What are the best fonts for resumes?

Although the choice of a font seems like a minor detail given the amount of thought and time that goes into the writing of your resume, fonts can actually play a big role in the creation of a killer resume. Picking the right font is just one of the ways that you can help ensure a hiring manager spends more than the average of six seconds reviewing your resume.

Why? It can convey your professionalism and attention to detail, which are key attributes for a communication pro to possess.

3 things to look for in a resume font:

1. It’s clear:

Is it legible? Some cursive fonts can be hard to read. Ditch a font even if only one or two letters are unclear.

2. It’s industry-appropriate:

Pick the right font style for your industry. Serif fonts, which have a small stroke regularly attached to the end of the larger stroke in a letter, are typically used in newspapers as they are more easy-to-read. They’re well-suited for more traditional or “buttoned-up” roles or industries. Sans-serif fonts don’t have the small stroke attached to longer strokes, just like the font used in the body copy in this blog post. In my opinion, they convey a more modern or creative look. But use your judgement; although a font like Comic Sans is a sans-serif font, it’s too casual for a resume.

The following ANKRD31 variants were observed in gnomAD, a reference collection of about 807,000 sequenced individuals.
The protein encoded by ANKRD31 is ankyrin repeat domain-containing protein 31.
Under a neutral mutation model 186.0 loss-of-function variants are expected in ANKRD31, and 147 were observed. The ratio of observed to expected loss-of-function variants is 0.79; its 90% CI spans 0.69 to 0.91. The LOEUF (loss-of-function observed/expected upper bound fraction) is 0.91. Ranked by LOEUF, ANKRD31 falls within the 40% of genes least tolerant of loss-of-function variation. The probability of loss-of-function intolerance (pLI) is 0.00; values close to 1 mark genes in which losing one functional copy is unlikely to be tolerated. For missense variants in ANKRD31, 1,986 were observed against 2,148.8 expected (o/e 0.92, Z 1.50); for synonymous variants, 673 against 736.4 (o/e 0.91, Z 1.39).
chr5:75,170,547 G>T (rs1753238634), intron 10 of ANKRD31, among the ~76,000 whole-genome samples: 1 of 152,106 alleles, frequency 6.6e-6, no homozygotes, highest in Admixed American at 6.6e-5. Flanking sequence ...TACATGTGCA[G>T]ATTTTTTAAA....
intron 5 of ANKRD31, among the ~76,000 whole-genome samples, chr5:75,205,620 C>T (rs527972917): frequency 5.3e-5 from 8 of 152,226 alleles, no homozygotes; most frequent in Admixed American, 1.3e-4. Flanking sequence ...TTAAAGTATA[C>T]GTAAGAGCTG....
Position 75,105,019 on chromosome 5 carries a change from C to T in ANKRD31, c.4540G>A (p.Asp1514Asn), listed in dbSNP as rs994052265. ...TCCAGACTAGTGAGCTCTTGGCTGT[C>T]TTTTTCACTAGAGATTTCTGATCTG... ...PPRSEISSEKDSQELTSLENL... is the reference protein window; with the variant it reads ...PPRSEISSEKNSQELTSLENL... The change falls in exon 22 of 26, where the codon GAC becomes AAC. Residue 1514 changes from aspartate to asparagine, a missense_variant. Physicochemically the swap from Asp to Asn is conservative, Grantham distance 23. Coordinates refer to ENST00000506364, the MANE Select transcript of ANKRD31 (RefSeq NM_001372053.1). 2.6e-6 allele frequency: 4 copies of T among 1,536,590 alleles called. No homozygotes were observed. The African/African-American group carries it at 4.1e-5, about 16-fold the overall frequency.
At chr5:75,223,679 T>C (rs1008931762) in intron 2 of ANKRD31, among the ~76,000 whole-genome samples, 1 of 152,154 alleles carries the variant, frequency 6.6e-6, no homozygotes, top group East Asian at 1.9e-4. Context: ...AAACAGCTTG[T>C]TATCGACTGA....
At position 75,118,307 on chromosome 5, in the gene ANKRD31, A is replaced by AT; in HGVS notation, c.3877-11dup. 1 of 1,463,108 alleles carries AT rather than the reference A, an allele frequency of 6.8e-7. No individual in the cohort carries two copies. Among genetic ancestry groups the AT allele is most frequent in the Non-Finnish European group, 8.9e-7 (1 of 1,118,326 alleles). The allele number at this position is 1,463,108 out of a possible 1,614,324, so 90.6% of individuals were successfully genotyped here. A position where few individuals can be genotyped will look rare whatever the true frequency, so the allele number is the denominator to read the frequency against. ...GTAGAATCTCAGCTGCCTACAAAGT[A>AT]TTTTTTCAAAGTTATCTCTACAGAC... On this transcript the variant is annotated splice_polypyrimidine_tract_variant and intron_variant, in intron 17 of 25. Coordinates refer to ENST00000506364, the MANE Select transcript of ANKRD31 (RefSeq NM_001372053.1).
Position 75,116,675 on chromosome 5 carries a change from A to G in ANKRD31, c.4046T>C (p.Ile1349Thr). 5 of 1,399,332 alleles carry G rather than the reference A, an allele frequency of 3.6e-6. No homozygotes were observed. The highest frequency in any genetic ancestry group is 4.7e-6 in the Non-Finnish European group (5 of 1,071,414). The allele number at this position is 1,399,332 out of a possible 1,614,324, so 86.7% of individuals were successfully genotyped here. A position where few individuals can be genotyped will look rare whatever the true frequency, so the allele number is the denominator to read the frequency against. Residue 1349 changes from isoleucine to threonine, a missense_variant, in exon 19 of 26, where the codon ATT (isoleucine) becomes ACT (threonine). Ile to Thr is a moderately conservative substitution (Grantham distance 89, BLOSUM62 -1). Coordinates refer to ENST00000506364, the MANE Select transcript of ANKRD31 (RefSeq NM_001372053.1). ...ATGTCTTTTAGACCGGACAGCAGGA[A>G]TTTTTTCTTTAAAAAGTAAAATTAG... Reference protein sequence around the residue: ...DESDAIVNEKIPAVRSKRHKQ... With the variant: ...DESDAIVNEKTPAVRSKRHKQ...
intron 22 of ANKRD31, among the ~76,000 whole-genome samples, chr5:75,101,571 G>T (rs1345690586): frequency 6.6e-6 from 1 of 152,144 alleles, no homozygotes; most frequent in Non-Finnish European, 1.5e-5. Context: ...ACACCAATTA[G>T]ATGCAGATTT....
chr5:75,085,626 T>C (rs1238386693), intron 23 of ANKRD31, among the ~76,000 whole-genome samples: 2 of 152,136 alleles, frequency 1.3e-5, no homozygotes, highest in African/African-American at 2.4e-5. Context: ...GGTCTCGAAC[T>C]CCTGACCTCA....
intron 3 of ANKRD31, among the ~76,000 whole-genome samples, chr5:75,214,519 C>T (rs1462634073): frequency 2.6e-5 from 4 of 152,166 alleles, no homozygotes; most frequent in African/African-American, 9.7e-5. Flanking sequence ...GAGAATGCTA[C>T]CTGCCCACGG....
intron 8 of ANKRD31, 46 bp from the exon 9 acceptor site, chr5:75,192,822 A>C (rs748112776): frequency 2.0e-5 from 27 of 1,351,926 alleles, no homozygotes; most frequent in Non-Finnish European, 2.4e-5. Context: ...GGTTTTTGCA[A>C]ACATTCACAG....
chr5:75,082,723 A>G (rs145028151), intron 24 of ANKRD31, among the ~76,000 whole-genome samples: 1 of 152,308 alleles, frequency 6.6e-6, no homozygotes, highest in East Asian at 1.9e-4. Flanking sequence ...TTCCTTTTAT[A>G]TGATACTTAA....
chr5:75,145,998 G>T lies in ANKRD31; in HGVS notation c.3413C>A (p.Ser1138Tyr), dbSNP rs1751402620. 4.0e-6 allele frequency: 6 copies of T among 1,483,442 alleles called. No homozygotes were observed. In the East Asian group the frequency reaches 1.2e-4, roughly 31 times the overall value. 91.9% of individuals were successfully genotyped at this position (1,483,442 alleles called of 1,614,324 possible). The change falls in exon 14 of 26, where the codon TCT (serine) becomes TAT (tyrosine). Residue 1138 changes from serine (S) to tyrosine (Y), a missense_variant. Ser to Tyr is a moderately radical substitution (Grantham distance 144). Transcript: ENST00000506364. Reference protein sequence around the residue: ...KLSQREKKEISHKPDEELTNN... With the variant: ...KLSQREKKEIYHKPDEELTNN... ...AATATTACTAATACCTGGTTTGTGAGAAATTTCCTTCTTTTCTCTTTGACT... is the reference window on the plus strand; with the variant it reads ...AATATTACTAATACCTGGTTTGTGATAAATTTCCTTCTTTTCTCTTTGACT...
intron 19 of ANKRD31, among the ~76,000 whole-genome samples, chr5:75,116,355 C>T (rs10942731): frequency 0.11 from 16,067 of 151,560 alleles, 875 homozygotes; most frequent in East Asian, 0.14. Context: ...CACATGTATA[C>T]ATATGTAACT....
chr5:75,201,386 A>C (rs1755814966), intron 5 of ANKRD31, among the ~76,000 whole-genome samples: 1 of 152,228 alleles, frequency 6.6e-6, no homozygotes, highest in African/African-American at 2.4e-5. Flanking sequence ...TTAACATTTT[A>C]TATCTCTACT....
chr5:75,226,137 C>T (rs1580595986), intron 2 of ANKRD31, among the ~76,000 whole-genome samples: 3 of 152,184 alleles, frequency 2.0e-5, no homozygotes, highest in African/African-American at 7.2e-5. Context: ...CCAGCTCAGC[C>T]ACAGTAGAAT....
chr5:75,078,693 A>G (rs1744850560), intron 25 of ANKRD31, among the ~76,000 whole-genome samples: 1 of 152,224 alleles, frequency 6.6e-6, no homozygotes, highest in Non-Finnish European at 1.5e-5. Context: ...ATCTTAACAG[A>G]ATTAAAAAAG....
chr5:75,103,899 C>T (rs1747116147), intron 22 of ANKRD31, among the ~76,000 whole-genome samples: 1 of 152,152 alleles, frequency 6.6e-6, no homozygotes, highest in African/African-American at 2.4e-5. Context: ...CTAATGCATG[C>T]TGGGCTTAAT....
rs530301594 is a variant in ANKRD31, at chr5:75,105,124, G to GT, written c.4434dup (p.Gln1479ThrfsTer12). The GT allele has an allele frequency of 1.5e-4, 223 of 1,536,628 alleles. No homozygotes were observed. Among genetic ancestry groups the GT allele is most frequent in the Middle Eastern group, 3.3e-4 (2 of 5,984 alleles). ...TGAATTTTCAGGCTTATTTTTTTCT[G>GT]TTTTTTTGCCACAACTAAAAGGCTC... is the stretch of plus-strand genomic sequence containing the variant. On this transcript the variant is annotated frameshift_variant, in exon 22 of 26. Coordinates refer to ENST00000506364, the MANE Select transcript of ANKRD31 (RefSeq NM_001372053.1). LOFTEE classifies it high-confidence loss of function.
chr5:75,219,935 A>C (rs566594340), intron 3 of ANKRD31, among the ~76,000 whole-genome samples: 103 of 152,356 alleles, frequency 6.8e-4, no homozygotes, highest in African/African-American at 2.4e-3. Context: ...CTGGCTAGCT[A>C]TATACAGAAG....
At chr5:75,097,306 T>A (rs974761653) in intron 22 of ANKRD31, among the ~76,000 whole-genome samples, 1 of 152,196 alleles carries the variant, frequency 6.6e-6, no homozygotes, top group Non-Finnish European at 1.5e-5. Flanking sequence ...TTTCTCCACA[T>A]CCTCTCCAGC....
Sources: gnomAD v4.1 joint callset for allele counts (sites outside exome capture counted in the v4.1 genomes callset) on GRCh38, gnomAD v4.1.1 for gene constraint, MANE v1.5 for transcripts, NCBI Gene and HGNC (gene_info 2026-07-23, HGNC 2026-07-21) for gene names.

3. It’s universally-viewable:

If a font isn’t automatically available in Adobe, Microsoft Office or other common document-creation programs, it might not be viewable by the hiring manager who opens your resume. Pick a commonly-available font so that the recipient can view it as you intended.

Some great fonts for resumes are:

Serif fonts

  • Georgia
  • Cambria
  • Times New Roman

Sans-serif fonts

  • Arial
  • Calibri
  • Helvetica

Are there other clear, industry-appropriate and universal fonts that you think are perfect for a resume? Share in the comments below.

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